Finding A Way Towards Ethical & Sustainable Wildcrafting: Community Supported Foraging

Today the popularity of wild foods and medicines is absolutely booming. And while I should be thrilled – I’m a little worried.  I can’t help but wonder where all these newly enthused foragers with a recipe for dandelion pesto are supposed to go? Ever since wild food advocate Steve Brill was arrested for picking a dandelion in New York’s Central Part nearly three decades ago not much has changed. Here in Victoria, as across North America, foraging is not permitted in parks whether they urban or rural, municipal, provincial or federal.

One of the greatest concerns about the growth of the wild food movement is that hordes of foragers will descend on the wilds, trampling delicate ecosystems and over-harvesting native plants etc.  And this goes to the heart of a question I continually struggle with as a wild food educator. Is it ethical to continue to teach growing numbers of people to identify and harvest wild foods and medicines if they don’t have anywhere to go to safely, and legally harvest those plants?


This question is rarely addressed directly even though the answer shapes the future of wildcrafting itself. Today books, courses, educational walks, online resources, websites on wildcrafting and foraging continue to proliferate, and while most offer responsible guides on how to “do no harm”, tread lightly, take little, never harvest rare plants, be respectful of unceded territories, land, foods, sacred plants and practices of local First Peoples – is it enough? Because the most asked question I get from new wildcrafters is where can I go to forage?

Recently Updated1716

So unless people are lucky (and privileged) enough to have a backyard, a friend with a few acres or can drive to remote Crown lands with a permit to harvest – well, they don’t have many options. And here’s the moral rub. I know, deep inside, despite my warnings about the necessity of obtaining permissions, many will inevitably end up harvesting illegally.

And while there seems little harm in picking dandelion leaves from your local neighbourhood park,  I worry turning a blind eye sets the stage not for the protection of our endangered ecosystems, the lands and plants of our First Peoples, but for potential trampling, overharvesting and exploitation to occur. And I admit – I too am guilty. I have picked a few plantain, dandelion leaves and other plants in the weed-ridden parks near my house!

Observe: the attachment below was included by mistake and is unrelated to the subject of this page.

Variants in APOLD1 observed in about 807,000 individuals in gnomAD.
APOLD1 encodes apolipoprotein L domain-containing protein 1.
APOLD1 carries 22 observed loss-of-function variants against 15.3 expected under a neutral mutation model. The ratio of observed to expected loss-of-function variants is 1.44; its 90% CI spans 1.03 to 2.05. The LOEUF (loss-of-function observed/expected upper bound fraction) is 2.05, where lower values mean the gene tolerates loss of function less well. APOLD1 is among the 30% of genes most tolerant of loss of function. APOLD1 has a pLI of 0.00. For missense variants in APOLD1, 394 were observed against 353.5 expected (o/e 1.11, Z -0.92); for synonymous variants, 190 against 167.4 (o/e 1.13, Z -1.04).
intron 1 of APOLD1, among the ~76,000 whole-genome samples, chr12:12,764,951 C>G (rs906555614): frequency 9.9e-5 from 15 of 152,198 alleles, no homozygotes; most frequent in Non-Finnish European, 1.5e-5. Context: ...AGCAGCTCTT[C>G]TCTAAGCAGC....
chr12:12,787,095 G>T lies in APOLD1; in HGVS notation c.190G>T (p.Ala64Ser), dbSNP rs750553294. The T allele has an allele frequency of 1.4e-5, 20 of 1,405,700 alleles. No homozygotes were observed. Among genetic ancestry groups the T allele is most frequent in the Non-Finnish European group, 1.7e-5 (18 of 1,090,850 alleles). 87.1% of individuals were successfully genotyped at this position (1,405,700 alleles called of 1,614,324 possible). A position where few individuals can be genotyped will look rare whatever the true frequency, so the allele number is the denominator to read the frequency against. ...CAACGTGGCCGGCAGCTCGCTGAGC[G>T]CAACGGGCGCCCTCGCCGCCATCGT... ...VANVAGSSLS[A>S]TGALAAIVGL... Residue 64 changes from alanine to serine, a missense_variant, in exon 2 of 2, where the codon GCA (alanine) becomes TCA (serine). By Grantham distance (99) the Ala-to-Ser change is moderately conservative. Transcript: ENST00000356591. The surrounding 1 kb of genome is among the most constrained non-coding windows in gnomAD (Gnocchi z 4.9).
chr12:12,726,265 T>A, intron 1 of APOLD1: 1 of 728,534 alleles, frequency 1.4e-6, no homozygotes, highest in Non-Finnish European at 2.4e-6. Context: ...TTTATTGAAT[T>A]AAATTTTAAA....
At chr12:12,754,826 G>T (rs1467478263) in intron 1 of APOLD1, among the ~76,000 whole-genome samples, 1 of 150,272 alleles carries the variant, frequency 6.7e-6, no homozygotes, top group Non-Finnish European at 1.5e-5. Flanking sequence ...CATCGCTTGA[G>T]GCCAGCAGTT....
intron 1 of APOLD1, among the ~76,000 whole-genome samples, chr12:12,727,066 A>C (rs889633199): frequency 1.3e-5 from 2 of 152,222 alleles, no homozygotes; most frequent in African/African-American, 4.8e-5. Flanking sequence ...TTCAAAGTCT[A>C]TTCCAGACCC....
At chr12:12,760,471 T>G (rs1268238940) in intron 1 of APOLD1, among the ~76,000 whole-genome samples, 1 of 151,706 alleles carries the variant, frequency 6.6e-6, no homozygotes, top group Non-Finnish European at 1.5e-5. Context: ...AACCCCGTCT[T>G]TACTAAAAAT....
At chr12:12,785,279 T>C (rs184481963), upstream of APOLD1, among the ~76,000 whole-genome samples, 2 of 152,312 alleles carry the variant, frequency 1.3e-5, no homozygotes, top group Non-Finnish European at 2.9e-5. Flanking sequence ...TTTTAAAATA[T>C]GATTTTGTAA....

It’s a slippery slope. And as more people return to the land looking for mushrooms, nettles, berries and medicinal herbs could it inevitably lead to a backlash against the wild food movement itself, as is already happening in the UK?  In parts of the country, where foraging was previously legal (part of the long-standing right of the people)  it is now being banned. The reason? What used to be a niche countryside pursuit is now an urban  trend leading to increasing environmental concerns i.e. trampling the forests. 

I’m passionate about reclaiming wild foods and  “weeds” as the important ancestral foods and medicines that they are – but as interest continues to grow exponentially each year, I think it’s going to take a whole lot more than connecting with the “spirit of the land” and teaching the “in and outs” of ethical foraging to protect our already overstressed natural environments. 

Which is why four years ago Gather attempted to launch a Community Supported Foraging Plan (CSFP), a coalition of wild food educators and local foragers that would a) lobby the City to recognize foraging as a valued resource within urban food systems and b) grant designated pilot spaces in urban parks for public foraging c) create educational opportunies to learn about wild plants and sustainable ethical methods of harvest.